I presented my talk on Canadian Science Policy. After listening to people’s comments, I think more strongly than ever that Canada has a plan for science…maybe we are not all in agreement with the plan, but we have a plan.

After the presentations were complete (only a hour and half behind schedule), we headed off to the dinner reception at The Bengal Club about 15 minutes away. The edifice was referred to as the last vestige of the Raj. We got into a discussion about what the “Britishers” brought to India…besides cricket, the language, tea, and the obvious stuff. One view that emerged, which may be controversial…1) The British united India by providing a common enemy. 2) British scholars (Sir William Jones) created the Asiatic Society in the 1784 and out of which came “Indology”, the study of the ancient Indian history. 3) They brought modern science at the same time as it was exploding in England, just after Newton and the rapid growth of industrialization. Another discussion was about picking tea. The conference organizer, Mr. Deb, picked tea as a teenager. He called it a garden but it was several hundred acres…a big garden. Bottom line is that “two and a bud” are the leaves that make the best tea.

Day 5: Start the day as usual with tea and a walk, breakfast and .. come back and there is a lizard in my room. I pretty much freeze and declare the room to be the lizard’s and bow out…off to the conference. I chaired the first session. One of the more interesting talks was by Aniruddha Lahiri, the President of the Chatterjee Group of Companies. He started his presentation “Marvel of Indian Entrepreneurship,” by quoting a modern “Britisher” John Lennon, who said that vision and imagination were essential for entrepreneurship. Of course most of the world thinks of India as being entrepreneurial. Lahiri argued that Indians are good at taking risks, move quickly, and indeed do make good entrepreneurs but they are not (yet) great innovators. On the other hand, the British are great innovators yet could never master bringing their ideas to market successfully…Jaguar and Land Rover, are now owned by Tata for example. Along these lines, I was quoted in the local paper, the Telegraph, that Canada was good at manufacturing innovation but the innovations were not worth much. Business is tough. There was a strong push at the conference for nuclear energy as well as India’s prominent role (9%) in the International Thermonuclear Experimental Reactor (ITER) in Cadarache, France. India is very proud of its role in this leading-edge technology enterprise for many reasons, but an acronym much repeated was CSR….Corporate Social Responsibility. Again, I think India wishes to convey it is a progressive country that is concerning itself with the environment and the many other social issues the country faces.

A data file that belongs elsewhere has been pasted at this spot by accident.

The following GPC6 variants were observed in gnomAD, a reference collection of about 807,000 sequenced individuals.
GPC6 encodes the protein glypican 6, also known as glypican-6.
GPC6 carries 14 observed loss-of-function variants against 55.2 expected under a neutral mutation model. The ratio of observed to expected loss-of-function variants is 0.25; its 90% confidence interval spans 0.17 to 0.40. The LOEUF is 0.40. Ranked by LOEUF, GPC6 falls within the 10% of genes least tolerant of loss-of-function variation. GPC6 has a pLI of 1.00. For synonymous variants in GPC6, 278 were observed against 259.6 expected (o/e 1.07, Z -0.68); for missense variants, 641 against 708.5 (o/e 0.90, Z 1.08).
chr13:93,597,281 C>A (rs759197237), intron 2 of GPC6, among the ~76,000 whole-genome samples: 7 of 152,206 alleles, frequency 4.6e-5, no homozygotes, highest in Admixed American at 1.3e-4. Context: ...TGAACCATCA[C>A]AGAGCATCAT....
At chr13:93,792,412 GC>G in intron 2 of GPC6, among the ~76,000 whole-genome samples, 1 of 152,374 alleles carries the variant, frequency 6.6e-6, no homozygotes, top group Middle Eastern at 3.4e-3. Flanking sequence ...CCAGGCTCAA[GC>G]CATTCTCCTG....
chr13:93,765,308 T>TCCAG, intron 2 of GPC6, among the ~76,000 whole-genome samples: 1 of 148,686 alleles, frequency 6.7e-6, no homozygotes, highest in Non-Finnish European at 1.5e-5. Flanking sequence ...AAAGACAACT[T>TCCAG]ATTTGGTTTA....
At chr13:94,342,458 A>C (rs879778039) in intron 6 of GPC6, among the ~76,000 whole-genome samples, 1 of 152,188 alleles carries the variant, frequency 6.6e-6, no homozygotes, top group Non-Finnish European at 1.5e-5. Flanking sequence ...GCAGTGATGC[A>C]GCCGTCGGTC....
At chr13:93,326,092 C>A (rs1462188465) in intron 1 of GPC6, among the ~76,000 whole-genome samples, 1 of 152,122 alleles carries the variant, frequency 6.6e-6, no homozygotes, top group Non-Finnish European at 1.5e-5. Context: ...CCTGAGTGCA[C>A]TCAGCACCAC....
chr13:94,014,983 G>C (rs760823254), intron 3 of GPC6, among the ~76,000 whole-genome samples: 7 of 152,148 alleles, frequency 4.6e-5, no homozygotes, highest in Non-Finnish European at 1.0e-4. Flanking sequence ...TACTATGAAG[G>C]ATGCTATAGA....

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–by T. “Isaac” Meyer, Head of Strategic Planning & Communications

I am sitting in Fraport (aka Frankfurt International Airport in Germany), bathed in warm sunlight alongside windows overlooking the busy activity of Terminal C. I am en route back home to Vancouver after an amazing trip to Kolkata, India.

I was in Kolkata for the Frontiers of Science Symposium, a two-day symposium with about 80 participants. It was a brilliant conference, actually, one that spanned science from physics to biology to engineering and computing science and information technology with some aesthetics and art history thrown in.

I want to comment on one theme that emerged – innovation in India. As my seatmate explained to from Kolkata to Delhi where I changed planes, Kolkata is actually just known as “Kal” these days by the locals because of the series of changes in the spelling and enunciation of the classical city’s name.

Professor R.A. Mashelkar was the second keynote speaker on Day 1 (March 2, 2011). As one of the advisors to the Prime Minster of India on science and technology, he had clearly thought pretty hard about how S&T fit into present-day India and especially its future. He made some brilliant observations.

He defined innovation as distinct from invention. Innovation, he said, was the successful exploitation of a new idea. Invention is then just the successful demonstration of a new idea. “Exploitation,” he said was not about pillaging and oppressing but about “making a difference.” He went on to say that “successful” meant three things: (1) speed (timing); (2) scale; and (3) sustainability. Thus, to be innovative, a new idea would have to be developed and applied to “make a difference” in way that was timely, affected “enough” people to be interesting or noteworthy, and had to be somehow self-sufficient or ongoingly relevant. A flash in the pan doesn’t qualify as innovative.

His thesis, though, revealed a cornerstone of cultural attitude and public policy in India. There are roughly 400 million people in India in the middle or upper socio-economic classes. That’s more people than there are total in the United States. More importantly, though, everyone notes, that means there are 600 million in India below the poverty line. And as most people know after visiting the country, living in poverty in India is serious poverty. The south side of Chicago is wealthy compared to what those 600 million people are dealing with.